Houseplants have the wondrous ability to gain most of what they need to thrive through elements in the soil and natural sunlight. The houseplant however does not have the luxury that its outdoor counterparts do in regards to obtaining much needed water. Therefore, houseplants must depend solely on the gardeners hand to provide this essential nutrient.
Many garden professionals believe that over fifty percent of the houseplants in the world receive improper watering. Giving too much moisture will result in root rot or diseases and too little water is also negative. But with some know-how and guidelines, you can learn how to and when to water your plants easily.
Many gardeners will say with confidence that a Hygrometer is a tool that is useful. This handy tool allows the plant owner to receive a more accurate water level reading of the plants soil. This lets the gardener regulate the amount of water given to ascertained the plant is taken care of. The price of these handy gadgets can range from a couple of dollars to a pretty high price range, however, the cheapest version will still provide the essential information the gardener is looking for.
The Hygrometer comes in several varieties, including one that has a digital display. It makes it far more convenient to check the moisture level in the soil. Quite a few do come packaged with a useful thermometer. This is ideal for checking on soil temperature which is a critical point in maintaining the plant's health.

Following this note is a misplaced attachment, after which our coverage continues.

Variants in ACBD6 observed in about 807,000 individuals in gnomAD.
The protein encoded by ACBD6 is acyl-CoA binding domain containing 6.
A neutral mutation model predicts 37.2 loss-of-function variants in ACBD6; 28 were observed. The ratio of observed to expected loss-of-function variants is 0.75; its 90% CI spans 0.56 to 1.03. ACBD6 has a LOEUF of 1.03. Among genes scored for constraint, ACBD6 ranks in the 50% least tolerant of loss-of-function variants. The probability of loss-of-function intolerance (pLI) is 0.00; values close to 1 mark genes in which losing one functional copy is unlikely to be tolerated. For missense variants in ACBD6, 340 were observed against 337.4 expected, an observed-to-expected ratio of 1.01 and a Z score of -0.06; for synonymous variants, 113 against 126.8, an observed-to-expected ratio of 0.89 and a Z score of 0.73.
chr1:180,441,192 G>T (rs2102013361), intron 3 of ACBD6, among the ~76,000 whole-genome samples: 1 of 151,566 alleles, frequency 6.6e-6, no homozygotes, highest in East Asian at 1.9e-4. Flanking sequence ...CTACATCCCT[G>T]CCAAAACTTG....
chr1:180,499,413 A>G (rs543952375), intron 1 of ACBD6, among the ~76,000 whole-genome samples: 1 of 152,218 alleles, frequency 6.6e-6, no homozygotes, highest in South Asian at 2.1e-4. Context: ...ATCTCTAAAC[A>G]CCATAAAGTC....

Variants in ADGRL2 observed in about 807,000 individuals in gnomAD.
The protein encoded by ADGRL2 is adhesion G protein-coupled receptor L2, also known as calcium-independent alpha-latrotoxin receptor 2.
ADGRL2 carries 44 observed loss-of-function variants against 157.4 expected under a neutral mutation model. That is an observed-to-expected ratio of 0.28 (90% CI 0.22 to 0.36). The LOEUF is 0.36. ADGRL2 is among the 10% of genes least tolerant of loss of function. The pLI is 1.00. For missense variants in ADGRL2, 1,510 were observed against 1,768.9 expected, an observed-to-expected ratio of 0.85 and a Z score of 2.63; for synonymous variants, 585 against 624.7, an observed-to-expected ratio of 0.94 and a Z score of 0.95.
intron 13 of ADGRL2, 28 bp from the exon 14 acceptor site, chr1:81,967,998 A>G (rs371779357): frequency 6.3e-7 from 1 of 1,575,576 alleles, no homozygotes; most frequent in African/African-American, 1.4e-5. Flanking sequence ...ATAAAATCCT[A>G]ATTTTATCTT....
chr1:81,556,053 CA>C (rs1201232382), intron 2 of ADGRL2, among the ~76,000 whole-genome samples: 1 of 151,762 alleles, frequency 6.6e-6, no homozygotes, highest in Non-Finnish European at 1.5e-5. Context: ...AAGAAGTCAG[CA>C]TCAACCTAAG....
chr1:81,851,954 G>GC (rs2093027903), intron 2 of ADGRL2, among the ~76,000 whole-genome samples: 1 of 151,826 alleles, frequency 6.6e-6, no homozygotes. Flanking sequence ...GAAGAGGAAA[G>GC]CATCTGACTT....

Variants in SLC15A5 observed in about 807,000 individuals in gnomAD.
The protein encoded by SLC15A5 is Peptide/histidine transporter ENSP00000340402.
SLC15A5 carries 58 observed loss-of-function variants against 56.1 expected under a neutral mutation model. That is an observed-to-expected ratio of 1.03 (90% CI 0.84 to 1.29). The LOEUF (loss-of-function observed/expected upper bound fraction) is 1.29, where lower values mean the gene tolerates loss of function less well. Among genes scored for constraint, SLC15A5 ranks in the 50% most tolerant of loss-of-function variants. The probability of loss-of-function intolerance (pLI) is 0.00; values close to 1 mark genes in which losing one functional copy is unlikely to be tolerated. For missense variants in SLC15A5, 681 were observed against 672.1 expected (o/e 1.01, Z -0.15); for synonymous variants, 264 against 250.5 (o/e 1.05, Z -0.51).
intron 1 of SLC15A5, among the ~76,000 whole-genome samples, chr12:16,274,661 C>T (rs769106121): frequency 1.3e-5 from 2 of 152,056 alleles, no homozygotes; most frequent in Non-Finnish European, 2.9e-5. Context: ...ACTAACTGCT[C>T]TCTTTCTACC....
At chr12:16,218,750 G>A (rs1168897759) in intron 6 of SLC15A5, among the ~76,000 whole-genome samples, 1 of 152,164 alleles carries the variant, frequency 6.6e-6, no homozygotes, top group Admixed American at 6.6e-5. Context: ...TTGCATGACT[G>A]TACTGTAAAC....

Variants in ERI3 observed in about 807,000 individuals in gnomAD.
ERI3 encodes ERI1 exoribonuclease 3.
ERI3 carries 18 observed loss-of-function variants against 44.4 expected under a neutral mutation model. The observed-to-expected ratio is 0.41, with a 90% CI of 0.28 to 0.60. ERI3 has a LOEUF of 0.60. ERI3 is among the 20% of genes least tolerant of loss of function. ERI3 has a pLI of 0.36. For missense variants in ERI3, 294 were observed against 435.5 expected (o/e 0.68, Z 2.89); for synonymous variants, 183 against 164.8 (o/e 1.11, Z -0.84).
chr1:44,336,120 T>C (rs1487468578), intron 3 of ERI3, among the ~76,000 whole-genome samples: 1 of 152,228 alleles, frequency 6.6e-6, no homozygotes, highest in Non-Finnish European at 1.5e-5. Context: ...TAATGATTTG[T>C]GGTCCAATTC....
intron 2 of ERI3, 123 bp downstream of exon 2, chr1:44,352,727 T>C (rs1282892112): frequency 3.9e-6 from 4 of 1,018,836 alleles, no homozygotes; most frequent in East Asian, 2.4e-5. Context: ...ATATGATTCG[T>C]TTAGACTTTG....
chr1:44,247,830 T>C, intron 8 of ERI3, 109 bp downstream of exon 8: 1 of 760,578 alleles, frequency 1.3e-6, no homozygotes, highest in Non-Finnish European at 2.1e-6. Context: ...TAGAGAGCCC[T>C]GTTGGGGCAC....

If you'd rather use the old fashioned ways to check for the water levels needed, you can try this.
Many still use the finger test. By simply placing your finger on the soils surface and applying a slight amount of pressure, you can determine if the soil is wet or dry. This method also allows you to feel the texture of the soil. Soil with moisture feet spongy while hard soil indicates a lack of moisture.
A cheap tool is a wooden chopstick or a tongue depressor. By simply inserting the wood into the soil, then pulling it, you should be able to see signs of moisture. If moisture is present below the surface, the wood will absorb it, displaying a darker shade. While it is true that surface moisture will be absorbed into the wood tester, if done quickly, the surface water absorption will only count as a very small amount of the moisture collected.
The saucer trick is a good gauge of how much water a plant needs. Just fill the one third of the saucer and put it at the base of the plant. Keep doing it until there is moisture in the saucer. This process allows the water to be absorbed through capillary action from the drainage holes. Remember to take note of the actual absorption of water by the plant. It will give a good gauge of the moisture needs of the plant.
Finally, there is another way to reduce stressing the plant. Everything has a certain amount of weight to it, so wet soil will weigh more than dry soil. After applying a water regiment discussed above, weigh your plant. If you do this over some time, it will give you a good gauge of the amount of water the plant needs. By now, you would not need to use the weighing test anymore.
Although you have ascertained the amount of moisture the plant needs, other issues can cause that measure of moisture to fluctuate. Factors such as soil composition, humidity, seasonal changes and temperature changes are things that can change a plants water requirement. Keeping to a few tips and some tests can aid in maintaining your plants health throughout the year.